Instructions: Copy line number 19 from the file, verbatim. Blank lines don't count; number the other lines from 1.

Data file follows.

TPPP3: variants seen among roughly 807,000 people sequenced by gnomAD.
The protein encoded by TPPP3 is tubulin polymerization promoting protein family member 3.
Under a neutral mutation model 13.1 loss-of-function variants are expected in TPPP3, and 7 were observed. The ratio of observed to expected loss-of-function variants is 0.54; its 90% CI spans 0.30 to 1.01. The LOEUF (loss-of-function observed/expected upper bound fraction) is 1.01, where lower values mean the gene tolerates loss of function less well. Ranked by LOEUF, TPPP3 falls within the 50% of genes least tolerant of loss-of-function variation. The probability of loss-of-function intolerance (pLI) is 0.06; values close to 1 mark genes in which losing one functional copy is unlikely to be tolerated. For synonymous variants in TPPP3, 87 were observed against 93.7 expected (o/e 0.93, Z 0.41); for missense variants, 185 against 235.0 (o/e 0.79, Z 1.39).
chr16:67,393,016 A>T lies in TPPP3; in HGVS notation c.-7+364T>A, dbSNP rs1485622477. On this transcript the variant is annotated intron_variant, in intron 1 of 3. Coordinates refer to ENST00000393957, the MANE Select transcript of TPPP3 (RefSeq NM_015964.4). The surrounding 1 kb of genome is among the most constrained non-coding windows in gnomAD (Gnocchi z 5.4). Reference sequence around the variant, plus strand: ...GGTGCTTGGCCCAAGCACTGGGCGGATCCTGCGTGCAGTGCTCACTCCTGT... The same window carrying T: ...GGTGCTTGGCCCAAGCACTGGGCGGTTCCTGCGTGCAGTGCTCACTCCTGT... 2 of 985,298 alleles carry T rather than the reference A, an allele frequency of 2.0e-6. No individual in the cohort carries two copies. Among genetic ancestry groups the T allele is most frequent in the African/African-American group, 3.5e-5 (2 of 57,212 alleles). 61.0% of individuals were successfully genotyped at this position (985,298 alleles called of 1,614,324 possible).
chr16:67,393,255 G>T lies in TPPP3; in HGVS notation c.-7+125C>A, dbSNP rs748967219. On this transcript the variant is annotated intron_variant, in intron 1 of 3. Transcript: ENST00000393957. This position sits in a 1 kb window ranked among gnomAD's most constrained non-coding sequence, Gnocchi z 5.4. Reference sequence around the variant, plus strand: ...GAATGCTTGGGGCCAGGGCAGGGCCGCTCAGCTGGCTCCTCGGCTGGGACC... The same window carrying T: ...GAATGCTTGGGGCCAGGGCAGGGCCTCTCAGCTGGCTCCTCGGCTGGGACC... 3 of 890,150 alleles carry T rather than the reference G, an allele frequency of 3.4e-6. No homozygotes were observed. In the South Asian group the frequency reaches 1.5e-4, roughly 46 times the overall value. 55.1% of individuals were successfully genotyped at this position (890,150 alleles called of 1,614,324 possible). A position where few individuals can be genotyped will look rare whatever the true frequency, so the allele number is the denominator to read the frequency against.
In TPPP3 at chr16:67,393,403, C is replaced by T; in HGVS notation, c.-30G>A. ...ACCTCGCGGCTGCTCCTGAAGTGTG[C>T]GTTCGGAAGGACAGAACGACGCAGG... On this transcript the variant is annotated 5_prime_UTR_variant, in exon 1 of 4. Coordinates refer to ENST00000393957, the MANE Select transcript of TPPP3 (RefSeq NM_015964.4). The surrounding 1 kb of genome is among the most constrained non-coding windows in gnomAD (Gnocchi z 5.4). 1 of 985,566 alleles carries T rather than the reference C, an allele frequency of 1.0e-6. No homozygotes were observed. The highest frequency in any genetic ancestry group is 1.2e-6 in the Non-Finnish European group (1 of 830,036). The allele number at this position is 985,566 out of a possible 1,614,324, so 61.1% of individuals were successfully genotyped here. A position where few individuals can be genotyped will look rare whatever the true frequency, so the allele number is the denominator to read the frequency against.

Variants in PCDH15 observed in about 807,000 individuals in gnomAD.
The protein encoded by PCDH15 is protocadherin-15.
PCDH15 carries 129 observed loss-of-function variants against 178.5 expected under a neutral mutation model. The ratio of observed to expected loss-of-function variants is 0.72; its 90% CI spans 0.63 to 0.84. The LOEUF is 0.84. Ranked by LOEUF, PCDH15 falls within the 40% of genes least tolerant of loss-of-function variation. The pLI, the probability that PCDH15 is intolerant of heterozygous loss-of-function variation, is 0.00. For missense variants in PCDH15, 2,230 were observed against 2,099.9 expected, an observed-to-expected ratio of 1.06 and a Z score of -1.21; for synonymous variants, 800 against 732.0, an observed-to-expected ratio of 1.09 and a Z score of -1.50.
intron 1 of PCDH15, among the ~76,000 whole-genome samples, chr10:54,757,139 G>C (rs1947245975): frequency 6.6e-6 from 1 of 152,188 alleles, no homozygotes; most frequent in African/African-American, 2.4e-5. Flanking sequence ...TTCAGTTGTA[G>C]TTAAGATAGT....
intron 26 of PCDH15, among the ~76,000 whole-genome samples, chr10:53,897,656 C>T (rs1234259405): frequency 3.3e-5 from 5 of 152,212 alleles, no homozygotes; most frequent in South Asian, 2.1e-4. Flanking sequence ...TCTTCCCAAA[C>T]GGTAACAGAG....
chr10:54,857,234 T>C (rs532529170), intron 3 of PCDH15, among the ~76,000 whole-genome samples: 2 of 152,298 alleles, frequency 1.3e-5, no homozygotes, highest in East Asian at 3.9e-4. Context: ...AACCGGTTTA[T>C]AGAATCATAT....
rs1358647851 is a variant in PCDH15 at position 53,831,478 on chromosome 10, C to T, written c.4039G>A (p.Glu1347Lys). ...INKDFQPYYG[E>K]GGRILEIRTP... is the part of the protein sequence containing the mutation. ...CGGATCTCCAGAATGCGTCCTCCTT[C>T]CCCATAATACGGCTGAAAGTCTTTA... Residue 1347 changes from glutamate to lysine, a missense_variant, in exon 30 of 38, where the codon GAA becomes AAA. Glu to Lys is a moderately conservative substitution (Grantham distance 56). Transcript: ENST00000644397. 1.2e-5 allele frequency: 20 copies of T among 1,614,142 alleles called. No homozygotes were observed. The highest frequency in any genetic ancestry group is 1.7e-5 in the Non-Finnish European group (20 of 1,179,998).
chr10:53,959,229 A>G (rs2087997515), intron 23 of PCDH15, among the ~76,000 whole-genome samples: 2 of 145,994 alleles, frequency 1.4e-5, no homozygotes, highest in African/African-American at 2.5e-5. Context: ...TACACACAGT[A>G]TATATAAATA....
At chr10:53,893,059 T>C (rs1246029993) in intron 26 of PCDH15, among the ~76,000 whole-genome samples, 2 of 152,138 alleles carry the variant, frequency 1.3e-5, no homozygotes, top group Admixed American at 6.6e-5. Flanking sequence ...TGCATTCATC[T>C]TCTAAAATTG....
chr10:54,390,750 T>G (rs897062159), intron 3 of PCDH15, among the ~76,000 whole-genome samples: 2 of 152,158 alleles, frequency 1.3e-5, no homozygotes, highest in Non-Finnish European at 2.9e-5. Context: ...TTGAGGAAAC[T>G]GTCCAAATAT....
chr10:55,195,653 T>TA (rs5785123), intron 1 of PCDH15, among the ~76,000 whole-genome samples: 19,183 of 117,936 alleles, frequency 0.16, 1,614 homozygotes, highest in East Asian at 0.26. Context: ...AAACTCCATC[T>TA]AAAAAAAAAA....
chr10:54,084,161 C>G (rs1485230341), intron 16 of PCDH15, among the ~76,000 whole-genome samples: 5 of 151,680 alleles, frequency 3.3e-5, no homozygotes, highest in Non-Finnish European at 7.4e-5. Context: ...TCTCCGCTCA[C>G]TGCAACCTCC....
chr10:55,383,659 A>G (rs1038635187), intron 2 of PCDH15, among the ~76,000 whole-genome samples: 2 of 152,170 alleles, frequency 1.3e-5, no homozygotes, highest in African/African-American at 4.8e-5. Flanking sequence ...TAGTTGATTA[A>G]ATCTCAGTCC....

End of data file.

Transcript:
chr10:55,383,659 A>G (rs1038635187), intron 2 of PCDH15, among the ~76,000 whole-genome samples: 2 of 152,170 alleles, frequency 1.3e-5, no homozygotes, highest in African/African-American at 4.8e-5. Flanking sequence ...TAGTTGATTA[A>G]ATCTCAGTCC....